Ted Zieman – Driver

Ted Zieman first race car comp

Ted Zieman’s first race cars, a midget in the background, and his stock car. Both carried the *4 number. Art Heinold collection.

By Chad Meyer

It was at the age of 15 when the late Ted Zieman first got behind the wheel of a race car. His 35 racing career began in 1946 until his retirement in 1981.

The early portion of his career was spent racing midgets and stock cars, sometimes during the same season. His first stock car carried the number *4, while the first midget car had a Ford 60 engine with a couple two-barrel carburetors.

Zieman competed at both the Mohawk Speed Drome, which was located near the airport, west of Mason City, and at the North Iowa Fairgrounds, then located where the Sears store sits today.

Ted in a Buzz Barton creation. Art Heinold collection.

Ted in a Buzz Barton creation. Art Heinold collection.

Art Heinold recalls meeting up with Zieman in the early 1950’s. “There was a stock car meeting in Mason City around 1951, which is where we got acquainted. After that, we spent a lot of time together building cars, and racing them,” said Heinold. “We worked together, and I did my share of racing, but the emphasis was certainly on Zieman having a car at the track.”

Heinold remembers a unique racing trip that he and Zieman embarked on. “Ted found out about a race scheduled to be run late in the winter in Mexico. We spent weeks rebuilding two ’38 Ford coupes and his midget.”

When it came time to depart for the long journey, the towing solution was somewhat unique. “We put one car on the trailer, and put the midget in box of the truck. Believe it or not, Ted drove the other car, with no heater, all the way there.”

The trip wasn’t without peril and disappointment. “We ran out of money in Texas, and had to get jobs in the oil industry to afford the rest of the trip.”

Once they got to Mexico, they found out the promoter had taken all the registration money, and left town. On the way back, they stripped one of the cars of its driveline and other parts, leaving the shell of the car in a ditch in Texas.

Art Heinold collection.

Art Heinold collection.

“Somehow, on the way back, Ted and I got separated. I remember him telling me that when he got to Iowa Falls he stopped for gas and all he had was a sliver dollar in his pocket, which at that time was just enough money for him to make it back to Mason City,” said Heinold.

The highlights during Zieman’s career were numerous, winning many races, and earning championships along the way. In addition to being a Minnesota state champion in the early 1960’s, he earned a track championship at the I-35 Speedway. He was crowned the North West Midget Association championship in 1959 and 1961.

Proving his adaptability as a driver, he was a winner in several disciplines, earning victories in midgets, stock cars, early modifieds and in late models.

In 1953 he won the special “Centennial Race” at the Mohawk Speedrome in midgets, he also won in stock cars there too, sometimes in the same night.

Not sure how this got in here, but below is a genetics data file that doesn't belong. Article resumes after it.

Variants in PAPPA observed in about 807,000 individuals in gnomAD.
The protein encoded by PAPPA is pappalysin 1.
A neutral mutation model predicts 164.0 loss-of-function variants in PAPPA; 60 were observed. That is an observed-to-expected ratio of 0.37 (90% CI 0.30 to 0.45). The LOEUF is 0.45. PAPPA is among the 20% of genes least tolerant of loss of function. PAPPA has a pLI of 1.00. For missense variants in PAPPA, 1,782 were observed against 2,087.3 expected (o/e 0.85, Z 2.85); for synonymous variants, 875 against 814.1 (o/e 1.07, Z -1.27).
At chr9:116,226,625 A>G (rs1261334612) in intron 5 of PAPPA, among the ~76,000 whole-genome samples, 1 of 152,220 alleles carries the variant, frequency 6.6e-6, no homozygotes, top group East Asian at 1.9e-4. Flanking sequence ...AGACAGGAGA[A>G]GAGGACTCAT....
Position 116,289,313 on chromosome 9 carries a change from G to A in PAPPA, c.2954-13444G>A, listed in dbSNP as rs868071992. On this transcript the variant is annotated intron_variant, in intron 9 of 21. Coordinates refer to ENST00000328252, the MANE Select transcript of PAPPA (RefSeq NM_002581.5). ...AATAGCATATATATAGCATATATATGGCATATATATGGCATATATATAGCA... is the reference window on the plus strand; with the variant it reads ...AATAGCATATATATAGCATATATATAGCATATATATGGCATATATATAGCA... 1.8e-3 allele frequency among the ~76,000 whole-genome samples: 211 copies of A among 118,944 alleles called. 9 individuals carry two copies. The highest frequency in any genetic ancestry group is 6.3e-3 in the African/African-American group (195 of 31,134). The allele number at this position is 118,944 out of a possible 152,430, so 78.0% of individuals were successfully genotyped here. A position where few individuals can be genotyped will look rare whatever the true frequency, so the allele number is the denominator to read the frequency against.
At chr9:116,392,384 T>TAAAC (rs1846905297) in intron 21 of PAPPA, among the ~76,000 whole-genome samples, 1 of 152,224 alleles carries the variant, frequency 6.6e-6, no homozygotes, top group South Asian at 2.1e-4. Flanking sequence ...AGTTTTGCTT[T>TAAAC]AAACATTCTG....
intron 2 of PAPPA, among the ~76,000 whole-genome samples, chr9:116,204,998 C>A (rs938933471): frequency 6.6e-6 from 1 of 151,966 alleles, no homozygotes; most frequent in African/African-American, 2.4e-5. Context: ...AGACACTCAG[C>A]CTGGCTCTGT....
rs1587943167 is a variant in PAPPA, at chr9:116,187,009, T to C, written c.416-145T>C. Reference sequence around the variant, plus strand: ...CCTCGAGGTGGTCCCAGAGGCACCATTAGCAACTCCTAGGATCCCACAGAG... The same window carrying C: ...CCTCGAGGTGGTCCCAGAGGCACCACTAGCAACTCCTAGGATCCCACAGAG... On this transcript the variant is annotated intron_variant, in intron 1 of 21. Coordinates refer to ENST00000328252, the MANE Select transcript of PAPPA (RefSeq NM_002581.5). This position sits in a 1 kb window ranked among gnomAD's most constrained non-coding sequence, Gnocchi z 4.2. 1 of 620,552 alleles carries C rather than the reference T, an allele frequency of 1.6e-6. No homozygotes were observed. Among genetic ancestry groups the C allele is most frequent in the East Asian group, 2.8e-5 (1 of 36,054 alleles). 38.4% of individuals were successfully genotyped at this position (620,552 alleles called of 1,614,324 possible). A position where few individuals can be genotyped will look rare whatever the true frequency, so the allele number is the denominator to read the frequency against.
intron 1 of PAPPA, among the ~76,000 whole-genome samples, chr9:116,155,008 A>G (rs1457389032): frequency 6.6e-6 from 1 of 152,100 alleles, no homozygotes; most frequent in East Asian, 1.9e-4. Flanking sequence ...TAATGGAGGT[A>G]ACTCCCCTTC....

Zieman in victory lane with his famous #24 Pabst Blue Ribbon late model. Art Heinhold collection.

Zieman in victory lane with his famous #24 Pabst Blue Ribbon late model. Art Heinhold collection.

Zieman, even early in his career, was not afraid to take on the best drivers. In 1955 he finished 5th in the IMCA 100-mile stock car race held at the North Iowa Fairgrounds. Herschel Buchanan from Louisiana was the winner, while Harlan, Iowa’s Tiny Lund finished second.

A year later, he timed fifth fastest at the IMCA stock car 100 miler at the same track, before getting caught up in a crash in the main event. Fellow Iowa driver, and future NASCAR driver Johnny Beauchamp was winner that day.

At Algona, Zieman was a strong competitor. In a midget car in 1963 during the annual Kossuth County Fair, he set fast time over IMCA midget champion Howard House and future Indy 500 driver Tom Bigelow. In 1966 he won the season opener over Gene Schattschneider and Richard Simpson in the modifieds.

Heinold remembers how they used ingenuity to beat the Algona locals. “In the 60’s, the hot set-up was running three, Holley 2 barrel carburetors. We ran the same thing, but we didn’t run gasoline, we burned alcohol. The locals said it would never work, but we proved them wrong,” laughed Heinold.

Zieman beating Bob Shryock to end his nine race streak at Fairmont Raceway, collection the $500 bounty. Art Heinold collection.

Zieman beating Bob Shryock to end his nine race streak at Fairmont Raceway, collection the $500 bounty. Art Heinold collection.

During the 1970’s, Bob Shryock was the late model king at Fairmont Raceway, winning so many times one year that there was a $500 bounty on anyone who could beat him. Zieman was the driver to accomplish the feat, beating Shryock for the bounty and ending his nine race streak.

Zieman also beat the best the Midwest had to offer, including Shryock, to win the 1978 Black Hills Raceway invitational series, held at Rapid City, South Dakota.

Zieman passed away October 9, 2005 at the age of 74. He worked as a glass glazer for 30 years, retiring due to an injury sustained at work.